Workplace violence is a troubling epidemic affecting all healthcare organizations — including pediatric hospitals — with detrimental effects on staff well-being, patient outcomes, and organizational health.
In a recent webinar hosted by Commure Strongline, Jeanne Venella, DNP, RN, CEN, CPEN, with over 25 years experience as a certified adult and pediatric ED nurse at the Children’s Hospital of Philadelphia (CHOP), Dr. Howard Grant, former CEO of Lahey Health System, CMO at Geisinger, and Medical Director and staff pediatrician at CHOP, and Justin Green, founder of Strongline, gathered to discuss the pervasive nature of pediatric workplace violence and its implications for staff engagement, patient experience, and overall care outcomes.
3 Reasons Violence in Children’s Hospitals is Increasing
73% of all non-fatal workplace injuries occur in the healthcare sector — making it the least safe industry in terms of on-the-job safety –– with pediatric units ranked third in terms of danger, trailing closely behind psychiatric units and adult emergency departments. Below are 3 main factors contributing to this sharp rise in the levels of workplace violence occurring in pediatric care settings.
1. Emotional Toll on Parents
It’s every family’s worst nightmare to see a child hospitalized. Parents often experience elevated levels of stress and helplessness when a child falls ill. One study found that half of parents of young children with RSV (respiratory syncytial virus) experienced extreme stress at the time of hospitalization, leading to potential frustrations being redirected towards healthcare providers.
2. Emotional and Behavioral Challenges of Patients
Patients, especially those struggling with mental health concerns, face emotional and behavioral challenges that can manifest as increased anxiety and depression.
Recent data from the CDC showed a significant rise in teens experiencing persistent hopelessness, with 30% reporting thoughts of suicide. Additionally, behavioral health patients are no longer typically confined to a single unit but are scattered throughout hospitals, further increasing the complexity of locationally managing care delivery and maintaining staff safety.
3. Political Tensions and Growing Divisiveness
“The threat of violence can come from outside the hospital, where digital fuel and political divisiveness can threaten Children’s Hospitals,” Venella explained, noting that children’s hospitals are uniquely exposed to outside threats of violence versus other units and departments — an unprecedented phenomenon that has taken a particularly sharp rise in recent months and years. “One of our customers has been repeatedly threatened for providing gender-affirming care.”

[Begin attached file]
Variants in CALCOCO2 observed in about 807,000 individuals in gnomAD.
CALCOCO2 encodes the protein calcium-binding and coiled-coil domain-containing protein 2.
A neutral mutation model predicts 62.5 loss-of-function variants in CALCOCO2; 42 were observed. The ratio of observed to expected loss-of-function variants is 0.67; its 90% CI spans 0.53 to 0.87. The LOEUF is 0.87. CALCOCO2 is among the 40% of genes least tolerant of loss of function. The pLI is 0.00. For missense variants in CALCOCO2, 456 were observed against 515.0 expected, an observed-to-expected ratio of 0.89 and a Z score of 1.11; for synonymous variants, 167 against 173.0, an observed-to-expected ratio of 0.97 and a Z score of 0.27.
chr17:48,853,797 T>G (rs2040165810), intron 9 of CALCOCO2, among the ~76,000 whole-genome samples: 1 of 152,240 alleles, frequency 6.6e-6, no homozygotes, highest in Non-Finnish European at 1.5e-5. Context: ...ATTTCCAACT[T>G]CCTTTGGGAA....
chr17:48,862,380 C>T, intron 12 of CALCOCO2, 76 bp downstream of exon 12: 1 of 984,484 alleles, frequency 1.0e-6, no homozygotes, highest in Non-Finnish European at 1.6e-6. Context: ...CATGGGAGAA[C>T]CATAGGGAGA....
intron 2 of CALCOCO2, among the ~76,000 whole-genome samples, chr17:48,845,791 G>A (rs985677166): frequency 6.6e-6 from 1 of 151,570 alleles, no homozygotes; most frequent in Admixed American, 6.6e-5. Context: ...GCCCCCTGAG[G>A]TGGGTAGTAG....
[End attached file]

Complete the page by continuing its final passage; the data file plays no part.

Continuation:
Gender-affirming care has faced backlash, with hospitals receiving threats and demands for different doctors due to offensive remarks targeting personal characteristics. “59% of U.S. physicians have heard offensive remarks targeting personal characteristics such as their race, age, gender, weight, or sexual orientation, and nearly half had a patient request a different doctor,” Venella continued. “This external pressure adds to the already challenging environment faced by healthcare professionals.”
How Violence in Children’s Hospitals Impacts Pediatric Staff
Research conducted over the past few years has revealed alarming statistics regarding the effects of workplace violence on healthcare professionals, including pediatricians. The following key findings highlight the importance of addressing this issue:
- Increased risk of psychological distress: Staff exposed to workplace violence are two to four times more likely to experience conditions such as post-traumatic stress disorder (PTSD), anxiety, depression, and burnout.
- Negative impact on work efficiency and engagement: Staff members who experience workplace violence often report decreased job satisfaction, motivation, and enthusiasm. For critical care staff, violent episodes can result in a 48% decrease in motivation and job satisfaction.
- Link between workplace safety and patient safety: Units with a strong focus on workplace safety exhibit a 52% lower rate of RN-perceived missed care. When staff feel safe, performance metrics across the organization — including patient experience scores, patient outcomes, and staff engagement — improve significantly.
The Financial Burden of Pediatric Workplace Violence
In addition to the negative impact on staff and patient care, panelists discussed how workplace violence can escalate labor costs and exacerbate staffing turnover in pediatric healthcare settings, emphasizing the following factors:
High staff turnover: Workplace violence contributes to staff turnover, with 25% of critical care staff expressing willingness to quit their jobs due to such incidents. A recent McKinsey study found a safe environment to be the number one factor impacting nurses decisions to stay or leave their current patient-facing roles.